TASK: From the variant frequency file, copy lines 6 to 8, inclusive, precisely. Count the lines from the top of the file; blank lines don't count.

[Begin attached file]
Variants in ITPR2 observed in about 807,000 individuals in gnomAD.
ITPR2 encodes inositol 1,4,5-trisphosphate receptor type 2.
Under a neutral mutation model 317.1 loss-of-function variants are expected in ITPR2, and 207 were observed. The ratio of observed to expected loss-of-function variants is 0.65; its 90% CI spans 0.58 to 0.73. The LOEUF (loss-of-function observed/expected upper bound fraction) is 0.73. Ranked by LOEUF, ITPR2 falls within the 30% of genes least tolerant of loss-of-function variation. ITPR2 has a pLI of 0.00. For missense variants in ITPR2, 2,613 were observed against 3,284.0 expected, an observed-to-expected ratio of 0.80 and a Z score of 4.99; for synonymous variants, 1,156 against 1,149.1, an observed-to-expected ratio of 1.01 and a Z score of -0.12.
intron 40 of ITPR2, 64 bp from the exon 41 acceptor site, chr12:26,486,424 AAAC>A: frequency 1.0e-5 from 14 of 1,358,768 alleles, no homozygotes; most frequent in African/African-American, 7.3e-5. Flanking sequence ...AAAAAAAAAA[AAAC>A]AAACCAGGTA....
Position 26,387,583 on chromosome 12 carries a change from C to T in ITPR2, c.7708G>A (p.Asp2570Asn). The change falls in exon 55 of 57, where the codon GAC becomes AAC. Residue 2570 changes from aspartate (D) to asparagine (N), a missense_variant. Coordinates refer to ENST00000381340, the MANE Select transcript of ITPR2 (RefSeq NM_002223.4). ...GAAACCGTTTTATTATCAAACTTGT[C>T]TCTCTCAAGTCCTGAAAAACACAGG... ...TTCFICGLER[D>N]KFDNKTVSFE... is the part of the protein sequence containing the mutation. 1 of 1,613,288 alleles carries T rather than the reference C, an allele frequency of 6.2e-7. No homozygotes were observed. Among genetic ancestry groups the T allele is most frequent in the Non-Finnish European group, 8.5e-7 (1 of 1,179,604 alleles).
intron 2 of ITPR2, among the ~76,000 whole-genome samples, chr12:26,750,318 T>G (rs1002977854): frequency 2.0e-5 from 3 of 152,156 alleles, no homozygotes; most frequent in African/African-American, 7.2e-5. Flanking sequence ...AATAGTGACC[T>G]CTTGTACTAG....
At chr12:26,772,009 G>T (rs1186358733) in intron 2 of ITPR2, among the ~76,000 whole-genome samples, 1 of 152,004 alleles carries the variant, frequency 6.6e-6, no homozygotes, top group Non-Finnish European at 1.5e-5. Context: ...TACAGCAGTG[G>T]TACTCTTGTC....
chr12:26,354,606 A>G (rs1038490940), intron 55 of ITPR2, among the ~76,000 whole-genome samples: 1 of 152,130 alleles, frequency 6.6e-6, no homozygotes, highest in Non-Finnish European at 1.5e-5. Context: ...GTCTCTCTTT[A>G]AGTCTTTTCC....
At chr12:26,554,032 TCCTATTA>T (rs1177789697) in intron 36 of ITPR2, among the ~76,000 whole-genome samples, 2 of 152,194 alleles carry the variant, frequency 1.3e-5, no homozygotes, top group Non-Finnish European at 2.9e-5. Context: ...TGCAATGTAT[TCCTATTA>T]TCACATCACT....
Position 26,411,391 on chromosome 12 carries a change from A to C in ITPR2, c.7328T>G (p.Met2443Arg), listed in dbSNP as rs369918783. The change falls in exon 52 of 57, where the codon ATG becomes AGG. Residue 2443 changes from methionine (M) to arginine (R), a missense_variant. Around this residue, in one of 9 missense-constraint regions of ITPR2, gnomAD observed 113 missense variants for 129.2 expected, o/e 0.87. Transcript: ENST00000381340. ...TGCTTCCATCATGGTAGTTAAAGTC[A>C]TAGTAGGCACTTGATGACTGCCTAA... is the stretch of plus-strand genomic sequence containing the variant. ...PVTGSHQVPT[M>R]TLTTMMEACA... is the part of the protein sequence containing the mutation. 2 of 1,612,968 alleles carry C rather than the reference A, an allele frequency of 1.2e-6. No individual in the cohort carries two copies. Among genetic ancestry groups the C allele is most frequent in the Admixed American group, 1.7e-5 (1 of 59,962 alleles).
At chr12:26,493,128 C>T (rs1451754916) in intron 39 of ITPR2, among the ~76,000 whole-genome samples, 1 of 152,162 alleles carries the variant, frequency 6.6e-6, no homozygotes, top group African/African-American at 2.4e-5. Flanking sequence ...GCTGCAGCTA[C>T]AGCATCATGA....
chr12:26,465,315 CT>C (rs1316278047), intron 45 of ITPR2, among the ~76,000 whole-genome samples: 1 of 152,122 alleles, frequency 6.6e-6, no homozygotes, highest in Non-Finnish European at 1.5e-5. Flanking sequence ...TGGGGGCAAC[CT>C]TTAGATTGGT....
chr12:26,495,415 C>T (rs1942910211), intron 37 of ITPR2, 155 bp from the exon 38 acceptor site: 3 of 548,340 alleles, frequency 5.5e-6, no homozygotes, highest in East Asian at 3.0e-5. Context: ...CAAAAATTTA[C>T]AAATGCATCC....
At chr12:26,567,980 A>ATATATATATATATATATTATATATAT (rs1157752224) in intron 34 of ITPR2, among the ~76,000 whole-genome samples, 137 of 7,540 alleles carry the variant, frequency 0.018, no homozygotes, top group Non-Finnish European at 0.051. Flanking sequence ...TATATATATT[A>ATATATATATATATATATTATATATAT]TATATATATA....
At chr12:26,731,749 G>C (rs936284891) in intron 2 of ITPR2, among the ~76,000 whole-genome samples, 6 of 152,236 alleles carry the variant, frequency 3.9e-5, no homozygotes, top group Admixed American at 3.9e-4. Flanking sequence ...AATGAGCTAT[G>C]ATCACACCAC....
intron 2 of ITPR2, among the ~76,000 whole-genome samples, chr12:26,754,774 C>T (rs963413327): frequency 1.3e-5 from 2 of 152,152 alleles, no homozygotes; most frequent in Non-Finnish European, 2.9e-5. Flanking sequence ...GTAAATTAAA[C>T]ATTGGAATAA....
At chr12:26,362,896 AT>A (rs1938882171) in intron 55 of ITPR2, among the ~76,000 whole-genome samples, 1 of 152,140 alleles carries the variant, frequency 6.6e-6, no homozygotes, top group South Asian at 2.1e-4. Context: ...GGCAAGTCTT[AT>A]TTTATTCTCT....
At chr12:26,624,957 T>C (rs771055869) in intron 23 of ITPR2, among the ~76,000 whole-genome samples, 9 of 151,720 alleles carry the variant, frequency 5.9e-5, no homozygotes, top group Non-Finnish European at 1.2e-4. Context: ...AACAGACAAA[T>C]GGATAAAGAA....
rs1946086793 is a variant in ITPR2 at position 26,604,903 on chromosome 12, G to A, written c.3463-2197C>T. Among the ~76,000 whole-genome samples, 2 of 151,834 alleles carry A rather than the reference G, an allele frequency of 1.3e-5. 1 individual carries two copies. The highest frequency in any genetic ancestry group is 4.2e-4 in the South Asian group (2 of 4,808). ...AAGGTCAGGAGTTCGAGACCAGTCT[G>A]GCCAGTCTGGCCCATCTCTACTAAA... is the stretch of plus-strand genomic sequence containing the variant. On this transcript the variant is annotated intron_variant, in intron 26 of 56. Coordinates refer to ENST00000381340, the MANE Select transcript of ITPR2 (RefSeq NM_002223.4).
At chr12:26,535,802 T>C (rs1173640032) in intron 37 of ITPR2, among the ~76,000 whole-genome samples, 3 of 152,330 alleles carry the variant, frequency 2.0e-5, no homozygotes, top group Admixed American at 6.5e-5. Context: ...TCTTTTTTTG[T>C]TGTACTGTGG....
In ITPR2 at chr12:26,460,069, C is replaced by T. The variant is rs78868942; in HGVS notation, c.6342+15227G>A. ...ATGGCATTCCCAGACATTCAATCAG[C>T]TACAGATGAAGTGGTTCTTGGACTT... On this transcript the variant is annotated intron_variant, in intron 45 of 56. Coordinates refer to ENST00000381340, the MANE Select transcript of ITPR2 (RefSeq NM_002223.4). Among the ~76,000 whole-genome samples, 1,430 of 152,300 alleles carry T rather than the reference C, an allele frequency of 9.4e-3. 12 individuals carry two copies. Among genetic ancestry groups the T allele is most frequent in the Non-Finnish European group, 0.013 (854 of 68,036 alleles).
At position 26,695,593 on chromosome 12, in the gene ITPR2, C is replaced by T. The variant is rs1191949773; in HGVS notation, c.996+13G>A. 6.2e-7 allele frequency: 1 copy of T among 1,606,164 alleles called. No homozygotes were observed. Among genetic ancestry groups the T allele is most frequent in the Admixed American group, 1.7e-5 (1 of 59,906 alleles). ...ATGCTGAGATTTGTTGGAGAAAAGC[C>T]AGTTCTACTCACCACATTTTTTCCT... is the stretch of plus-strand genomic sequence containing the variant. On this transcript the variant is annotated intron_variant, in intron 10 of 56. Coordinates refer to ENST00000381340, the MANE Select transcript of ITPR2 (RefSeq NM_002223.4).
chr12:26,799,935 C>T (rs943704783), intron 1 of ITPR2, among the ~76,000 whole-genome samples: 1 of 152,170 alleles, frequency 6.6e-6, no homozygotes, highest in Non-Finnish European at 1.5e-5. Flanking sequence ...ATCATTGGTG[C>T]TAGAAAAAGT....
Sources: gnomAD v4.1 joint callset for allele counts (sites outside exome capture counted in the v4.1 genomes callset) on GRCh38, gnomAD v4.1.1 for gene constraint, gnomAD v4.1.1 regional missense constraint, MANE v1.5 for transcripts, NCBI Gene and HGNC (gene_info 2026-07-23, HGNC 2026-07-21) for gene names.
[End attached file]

intron 2 of ITPR2, among the ~76,000 whole-genome samples, chr12:26,750,318 T>G (rs1002977854): frequency 2.0e-5 from 3 of 152,156 alleles, no homozygotes; most frequent in African/African-American, 7.2e-5. Flanking sequence ...AATAGTGACC[T>G]CTTGTACTAG....
At chr12:26,772,009 G>T (rs1186358733) in intron 2 of ITPR2, among the ~76,000 whole-genome samples, 1 of 152,004 alleles carries the variant, frequency 6.6e-6, no homozygotes, top group Non-Finnish European at 1.5e-5. Context: ...TACAGCAGTG[G>T]TACTCTTGTC....
chr12:26,354,606 A>G (rs1038490940), intron 55 of ITPR2, among the ~76,000 whole-genome samples: 1 of 152,130 alleles, frequency 6.6e-6, no homozygotes, highest in Non-Finnish European at 1.5e-5. Context: ...GTCTCTCTTT[A>G]AGTCTTTTCC....